Narnia and the Fields of Arbol
The Environmental Vision of C. S. Lewis
Publication Year: 2009
Published by: The University Press of Kentucky
Series: Culture of the Land
Just as surely as good ecological practice must be understood not as an individual but as a communal affair, so the writing of this book has depended on a greater number of people than the two authors. Together we would like to offer especial thanks to John Elder, Norman Wirzba, Robert Siegel, and an anonymous reader for helpful comments on early ...
Conventions and Abbreviations
The present ecological crisis we are facing is due in part to an impoverishment of imagination. . . . Artistic resources must be an integral part in the development of genuine creation consciousness. Art works—in every medium—can symbolize for us our deepest concerns: they can be documents of what is and ...
1. What He Thought about Everything
In a preface to a volume of essays about C. S. Lewis, the late philosopher and writer Owen Barfield makes an interesting comment. “There was something in the whole quality and structure of his [Lewis’s] thinking, something for which the best label I can find is ‘presence of mind.’ And if I were asked to expand on that, I could only say that somehow what ...
2. Nature and Meaning in the History of Narnia
Wendell Berry’s powerful novel Jayber Crow—published in the year 2000 at the start of a new millennium—has as its subtitle The Life Story of Jayber Crow, barber, of the Port William Membership, as Written by Himself.1 And the book is, in a way, the life story of Jayber Crow. But it is also the life story of a small town, and more specifically of two ...
3. The Magician’s Nephew: Creation and Narnian Ecology
Anyone doubting that Lewis’s vision for Narnia is an agrarian one need only consider the job description for the first king of Narnia, given in The Magician’s Nephew. Even though it was the sixth book in the series to be published, The Magician’s Nephew is the first chronologically in the history of Narnia, and it may have been the second one Lewis imagined ...
4. The Last Battle and the End of Narnia
The Last Battle, the final book of the Chronicles of Narnia, begins with the ominous phrase, “In the last days of Narnia . . .” It ends with the great heroes of all seven books entering a heavenly paradise. For some, the most important environmental critique (or condemnation) of Christianity relates to the belief in heaven and the end of the earth ...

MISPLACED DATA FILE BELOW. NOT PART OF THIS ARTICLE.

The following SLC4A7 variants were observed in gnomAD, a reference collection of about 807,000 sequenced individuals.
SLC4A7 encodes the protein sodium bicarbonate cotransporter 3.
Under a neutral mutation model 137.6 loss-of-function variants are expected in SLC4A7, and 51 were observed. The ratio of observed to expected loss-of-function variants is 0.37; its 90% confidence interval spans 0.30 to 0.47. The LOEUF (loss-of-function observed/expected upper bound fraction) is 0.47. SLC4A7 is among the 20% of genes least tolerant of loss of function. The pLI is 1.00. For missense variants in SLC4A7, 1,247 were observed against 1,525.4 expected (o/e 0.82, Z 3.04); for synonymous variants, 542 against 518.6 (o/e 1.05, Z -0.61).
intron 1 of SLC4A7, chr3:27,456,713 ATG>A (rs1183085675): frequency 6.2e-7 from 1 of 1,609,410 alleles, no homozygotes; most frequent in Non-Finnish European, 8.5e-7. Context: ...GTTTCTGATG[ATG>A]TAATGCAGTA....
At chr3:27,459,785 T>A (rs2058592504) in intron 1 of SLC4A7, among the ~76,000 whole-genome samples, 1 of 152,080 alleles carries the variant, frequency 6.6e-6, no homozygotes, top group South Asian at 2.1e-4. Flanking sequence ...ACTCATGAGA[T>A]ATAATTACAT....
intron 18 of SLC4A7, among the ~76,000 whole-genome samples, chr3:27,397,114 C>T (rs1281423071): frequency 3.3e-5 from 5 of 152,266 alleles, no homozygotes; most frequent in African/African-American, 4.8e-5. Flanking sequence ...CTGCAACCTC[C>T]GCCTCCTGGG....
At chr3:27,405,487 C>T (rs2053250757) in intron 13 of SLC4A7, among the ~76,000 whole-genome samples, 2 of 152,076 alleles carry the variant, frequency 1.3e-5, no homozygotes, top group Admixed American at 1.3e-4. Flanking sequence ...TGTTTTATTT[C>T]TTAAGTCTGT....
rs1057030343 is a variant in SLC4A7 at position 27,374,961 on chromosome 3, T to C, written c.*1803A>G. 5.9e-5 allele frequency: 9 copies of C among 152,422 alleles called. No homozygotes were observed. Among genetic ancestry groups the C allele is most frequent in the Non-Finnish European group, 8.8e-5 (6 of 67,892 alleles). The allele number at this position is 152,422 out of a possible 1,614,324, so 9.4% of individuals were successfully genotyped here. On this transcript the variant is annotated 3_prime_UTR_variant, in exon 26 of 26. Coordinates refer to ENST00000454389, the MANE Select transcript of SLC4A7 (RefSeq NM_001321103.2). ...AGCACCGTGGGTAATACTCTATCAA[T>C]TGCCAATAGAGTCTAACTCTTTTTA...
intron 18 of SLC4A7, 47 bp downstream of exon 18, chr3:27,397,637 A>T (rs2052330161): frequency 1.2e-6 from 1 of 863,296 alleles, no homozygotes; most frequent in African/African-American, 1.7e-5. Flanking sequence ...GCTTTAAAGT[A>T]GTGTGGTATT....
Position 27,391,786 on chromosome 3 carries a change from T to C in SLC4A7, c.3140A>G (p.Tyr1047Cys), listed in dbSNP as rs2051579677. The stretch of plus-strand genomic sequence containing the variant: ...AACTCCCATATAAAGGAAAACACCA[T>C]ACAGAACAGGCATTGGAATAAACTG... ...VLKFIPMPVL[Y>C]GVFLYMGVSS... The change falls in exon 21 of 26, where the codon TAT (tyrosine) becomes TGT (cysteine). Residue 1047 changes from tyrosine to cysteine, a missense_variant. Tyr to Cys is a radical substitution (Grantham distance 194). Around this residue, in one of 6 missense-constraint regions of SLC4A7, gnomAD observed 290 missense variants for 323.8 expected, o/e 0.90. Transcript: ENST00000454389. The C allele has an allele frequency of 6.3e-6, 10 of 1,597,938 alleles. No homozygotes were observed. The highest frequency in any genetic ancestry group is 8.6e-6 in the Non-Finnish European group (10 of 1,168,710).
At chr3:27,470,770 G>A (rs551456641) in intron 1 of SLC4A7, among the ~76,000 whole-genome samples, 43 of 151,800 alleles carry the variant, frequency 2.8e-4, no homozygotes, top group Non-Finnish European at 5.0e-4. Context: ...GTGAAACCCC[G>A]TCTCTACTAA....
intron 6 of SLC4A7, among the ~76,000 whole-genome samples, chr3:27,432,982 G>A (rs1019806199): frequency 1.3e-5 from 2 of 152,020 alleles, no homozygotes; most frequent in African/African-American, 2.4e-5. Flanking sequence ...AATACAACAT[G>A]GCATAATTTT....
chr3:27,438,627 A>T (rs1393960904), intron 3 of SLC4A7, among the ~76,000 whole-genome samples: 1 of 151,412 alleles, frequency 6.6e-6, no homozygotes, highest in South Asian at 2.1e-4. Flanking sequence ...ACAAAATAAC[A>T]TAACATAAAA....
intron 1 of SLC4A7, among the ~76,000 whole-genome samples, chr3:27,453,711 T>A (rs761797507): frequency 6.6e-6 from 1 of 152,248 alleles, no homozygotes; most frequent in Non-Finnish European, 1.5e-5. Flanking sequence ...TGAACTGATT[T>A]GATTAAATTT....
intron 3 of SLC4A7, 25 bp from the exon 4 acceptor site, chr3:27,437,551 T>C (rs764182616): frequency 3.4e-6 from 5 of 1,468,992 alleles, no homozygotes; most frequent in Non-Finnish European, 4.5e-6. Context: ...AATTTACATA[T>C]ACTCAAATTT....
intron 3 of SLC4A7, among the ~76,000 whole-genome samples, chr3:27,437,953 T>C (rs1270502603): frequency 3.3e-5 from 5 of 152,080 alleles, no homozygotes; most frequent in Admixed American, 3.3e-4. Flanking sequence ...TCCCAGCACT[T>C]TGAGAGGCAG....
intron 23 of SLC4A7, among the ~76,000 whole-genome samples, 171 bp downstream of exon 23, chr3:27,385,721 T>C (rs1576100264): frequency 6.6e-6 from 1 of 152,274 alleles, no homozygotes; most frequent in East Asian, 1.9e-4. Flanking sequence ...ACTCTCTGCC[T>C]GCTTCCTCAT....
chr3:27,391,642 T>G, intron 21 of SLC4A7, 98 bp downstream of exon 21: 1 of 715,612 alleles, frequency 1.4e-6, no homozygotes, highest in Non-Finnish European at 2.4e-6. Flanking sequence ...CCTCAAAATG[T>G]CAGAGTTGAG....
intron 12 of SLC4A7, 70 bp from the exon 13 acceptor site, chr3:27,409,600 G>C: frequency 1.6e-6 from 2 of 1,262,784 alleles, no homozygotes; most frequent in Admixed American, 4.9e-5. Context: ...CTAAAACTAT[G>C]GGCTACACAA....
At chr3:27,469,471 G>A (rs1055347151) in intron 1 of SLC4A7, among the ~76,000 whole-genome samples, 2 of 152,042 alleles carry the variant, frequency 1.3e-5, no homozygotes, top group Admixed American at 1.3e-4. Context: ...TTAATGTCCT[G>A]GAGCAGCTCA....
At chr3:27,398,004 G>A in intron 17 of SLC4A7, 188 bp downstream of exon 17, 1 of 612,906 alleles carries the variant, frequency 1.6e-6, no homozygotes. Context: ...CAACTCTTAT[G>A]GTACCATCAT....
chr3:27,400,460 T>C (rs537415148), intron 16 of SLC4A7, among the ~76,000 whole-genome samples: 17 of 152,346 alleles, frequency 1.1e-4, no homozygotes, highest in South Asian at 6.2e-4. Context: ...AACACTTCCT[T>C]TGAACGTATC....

5. Out of the Silent Planet: Re-imagining Ecology
In recent decades biologists have discovered life in some very unlikely places. Extremely hot or cold environments, such as deep-sea vents and pools under Antarctic ice, harbor an abundance of creatures. Just decades ago, conventional wisdom held that nothing could live in such places. Now we find that things do live there, things that have expanded ...
6. Perelandra: Creation and Conscience
In 1960 a young girl named Meredith wrote to Lewis and asked him which of his books he thought was most “representational.” Lewis replied, “Do you mean simply which do I like the best? Now, the answer w[oul]d be Till We Have Faces and Perelandra.”1 For the last few decades of his life, Lewis considered Perelandra (written in 1941–1942) one of ...
7. That Hideous Strength: Assault on the Soil and Soul of England
In The Lord of the Rings, J. R. R. Tolkien provides a threefold glimpse of the destructive ecological impact of evil. After portraying environmental devastation in its most extreme form in the faraway landscape of Mordor, and also in the ravaged land of Isengard, he brings the battle back to the Shire, the homeland of the Hobbits. For many readers, this ...
8. The Re-enchantment of Creation
In the title of this chapter, we use the word enchantment. We have used the word often throughout this book, but so far haven’t stopped to say exactly what we mean by it. Part of the reason is that it has multiple meanings, and we have made use of more than one. Enchantment may be a subjective feeling. Something—in the context of this book ...